How To Control YouTube And Twitch With A 3dRudder

The 3dRudder is an interesting peripheral, and the company behind it keeps coming up with new reasons to own one. The newest feature to grace the foot-based input device enables you to control web content with your feet. 3dRudder today released a WebSocket server and JavaScript client that enables developers to incorporate 3dRudder control into cloud-based applications, WebVR content, and other browser tools.

Along with the WebSocket server and JavaScript client for developers, 3dRudder also released a sample Chrome extension to demonstrate the web control features' potential. 3dRudder’s Video Playback Control extension enables basic control over videos such as play/pause, forward/rewind, and volume in HTML5 video players. 3dRudder said the extension supports YouTube, Daily Motion, Vimeo, Amazon Prime Video, and Twitch, but it should also work with any other HTML5 video player.

The first version of the 3dRudder Video Playback Control extension is available only for Google’s Chrome browser. 3dRudder said that it is working on releases for the Mozilla Firefox and Microsoft Edge browsers, but the company didn’t say when those versions would be available.

Installation Procedure

To install the 3dRudder Video Playback Control extension, first make sure that you have the 3dRudder Dashboard and drivers installed. Without these, the web extension won’t do you much good. It’s also a good idea to ensure that you have the latest firmware installed on your device. Once your 3dRudder is installed, updated, and configured, you can proceed with the extension installation.

3dRudder created a tutorial page for the installation process where you’ll find links to everything you need along with instructions to install them. The first step involves installing the 3dRudder WebSocket server. Click on the download button to access and extract it to a folder. Locate and launch the InstallRootCertificat.exe file in the folder you extracted. (Spelling errors 3dRudder's.) The installer will run in a command window. When it completes, you’ll see a prompt to “press any key to continue.”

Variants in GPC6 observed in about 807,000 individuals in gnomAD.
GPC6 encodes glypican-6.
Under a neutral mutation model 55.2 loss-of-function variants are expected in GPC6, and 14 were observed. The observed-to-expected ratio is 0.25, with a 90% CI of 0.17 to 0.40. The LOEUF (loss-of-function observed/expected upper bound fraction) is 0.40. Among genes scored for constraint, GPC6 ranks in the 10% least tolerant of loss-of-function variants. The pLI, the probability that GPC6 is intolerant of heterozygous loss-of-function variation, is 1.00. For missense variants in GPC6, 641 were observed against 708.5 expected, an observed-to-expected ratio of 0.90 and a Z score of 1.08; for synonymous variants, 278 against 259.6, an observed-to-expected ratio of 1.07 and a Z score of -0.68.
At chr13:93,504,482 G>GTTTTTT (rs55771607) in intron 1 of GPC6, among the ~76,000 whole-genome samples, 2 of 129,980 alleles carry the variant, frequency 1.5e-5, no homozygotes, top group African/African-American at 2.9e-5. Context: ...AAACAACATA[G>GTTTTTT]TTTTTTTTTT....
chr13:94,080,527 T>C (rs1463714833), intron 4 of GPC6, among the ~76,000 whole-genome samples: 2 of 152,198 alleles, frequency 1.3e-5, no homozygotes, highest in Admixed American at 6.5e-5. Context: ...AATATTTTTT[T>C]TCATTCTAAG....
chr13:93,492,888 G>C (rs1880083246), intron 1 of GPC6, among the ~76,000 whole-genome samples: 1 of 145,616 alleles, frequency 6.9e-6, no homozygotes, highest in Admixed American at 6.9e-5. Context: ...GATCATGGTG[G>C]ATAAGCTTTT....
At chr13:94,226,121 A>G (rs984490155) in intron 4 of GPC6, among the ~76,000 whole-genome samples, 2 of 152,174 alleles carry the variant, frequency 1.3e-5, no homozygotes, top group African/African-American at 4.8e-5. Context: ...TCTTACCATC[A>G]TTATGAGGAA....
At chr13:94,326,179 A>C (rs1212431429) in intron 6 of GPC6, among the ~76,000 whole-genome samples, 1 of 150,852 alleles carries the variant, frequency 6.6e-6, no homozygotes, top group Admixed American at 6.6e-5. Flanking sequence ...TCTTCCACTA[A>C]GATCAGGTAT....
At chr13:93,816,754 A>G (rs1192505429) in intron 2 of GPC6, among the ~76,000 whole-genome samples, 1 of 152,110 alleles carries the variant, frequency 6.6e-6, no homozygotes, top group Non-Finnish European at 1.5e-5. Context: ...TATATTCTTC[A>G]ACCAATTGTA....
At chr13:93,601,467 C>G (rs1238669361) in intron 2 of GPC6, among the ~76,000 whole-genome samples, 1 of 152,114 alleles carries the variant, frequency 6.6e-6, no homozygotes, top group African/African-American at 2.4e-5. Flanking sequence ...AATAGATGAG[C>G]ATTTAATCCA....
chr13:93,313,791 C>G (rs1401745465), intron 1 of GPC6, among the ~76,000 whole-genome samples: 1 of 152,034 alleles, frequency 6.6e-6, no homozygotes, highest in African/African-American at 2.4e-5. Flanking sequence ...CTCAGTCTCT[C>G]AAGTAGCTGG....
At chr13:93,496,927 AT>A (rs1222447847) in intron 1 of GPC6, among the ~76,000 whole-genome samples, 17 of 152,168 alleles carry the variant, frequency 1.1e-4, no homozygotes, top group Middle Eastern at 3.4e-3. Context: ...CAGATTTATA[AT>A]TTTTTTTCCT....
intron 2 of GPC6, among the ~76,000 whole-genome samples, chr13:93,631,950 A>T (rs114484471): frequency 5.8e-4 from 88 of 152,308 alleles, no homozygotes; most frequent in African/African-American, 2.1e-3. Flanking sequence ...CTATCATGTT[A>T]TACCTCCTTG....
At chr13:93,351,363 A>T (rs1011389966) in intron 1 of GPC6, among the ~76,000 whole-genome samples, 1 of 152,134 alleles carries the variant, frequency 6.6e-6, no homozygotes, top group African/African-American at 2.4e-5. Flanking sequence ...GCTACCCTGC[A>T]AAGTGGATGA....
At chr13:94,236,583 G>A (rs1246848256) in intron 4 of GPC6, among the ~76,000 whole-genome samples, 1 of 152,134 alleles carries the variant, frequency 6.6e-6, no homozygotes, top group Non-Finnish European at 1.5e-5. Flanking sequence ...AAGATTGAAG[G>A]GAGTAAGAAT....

Next, locate the 3dRudder Video Control extension in the Chrome Webstore and click on "Add to Chrome." If you add the extension before installing the WebSocket server, it will redirect your browser to the tutorial page on 3dRudder’s website. Once you have the extension installed, locate 3dRWSServerStandAlone.exe in the folder you extracted earlier and launch it. A command window should open, and you should see “server started” followed by an IP address and a port.

With the WebSocket server running, you can now use the browser extension. You should see a 3dRudder icon in the upper right corner of your browser. Click on the icon to access the control settings, where you can adjust the input sensitivity, and remap the controls. You should see a green “server online” message at the top of this screen. If the server is offline or malfunctioning, you’ll see a red warning.

When everything's working properly, you should see a 3dRudder icon hovering over the upper left corner of the next video you watch.

Surprisingly Useful

3dRudder suggests that the use of a 3dRudder device to control videos frees your hands for other tasks such as “snacking, taking notes, or grabbing a soda.” The company could have come up with less vapid examples, but to be honest, all three suggestions lived up to our satisfaction. In fact, we were surprised at the usefulness of the note-taking concept. 3dRudder’s video control extension allows you to control video playback even if the video window isn’t active and your mouse and keyboard are accessing another application.

You can take notes in Word, and if you need to stop the clip, so you don’t miss details while you jot something down, simply rock your feet backwards to pause it without interrupting your typing. When you’ve caught up with your notes, tilt your feet forward to resume playback. You can also rewind or fast forward videos by rocking the 3dRudder to the left or the right or adjust the volume down with a twist to the left and up with a twist to the right.

Having control over video playback while accessing another application truly empowers multitasking. We also see a lot of potential for accessibility. Foot-based web navigation could be a huge benefit to people who lack mobility in their upper limbs, or amputees who are missing an arm altogether. Simple foot-based gestures to control videos are a neat gimmick to a non-disabled person, but could be a major benefit to a disabled person.

3dRudder’s video control extension is just a simple example of what you can do with the 3dRudder WebSocket server and the JavaScript client. We can’t wait to see what other web functions people create for the 3dRudder peripheral.

 Kevin Carbotte is a contributing writer for Tom's Hardware who primarily covers VR and AR hardware. He has been writing for us for more than four years. 

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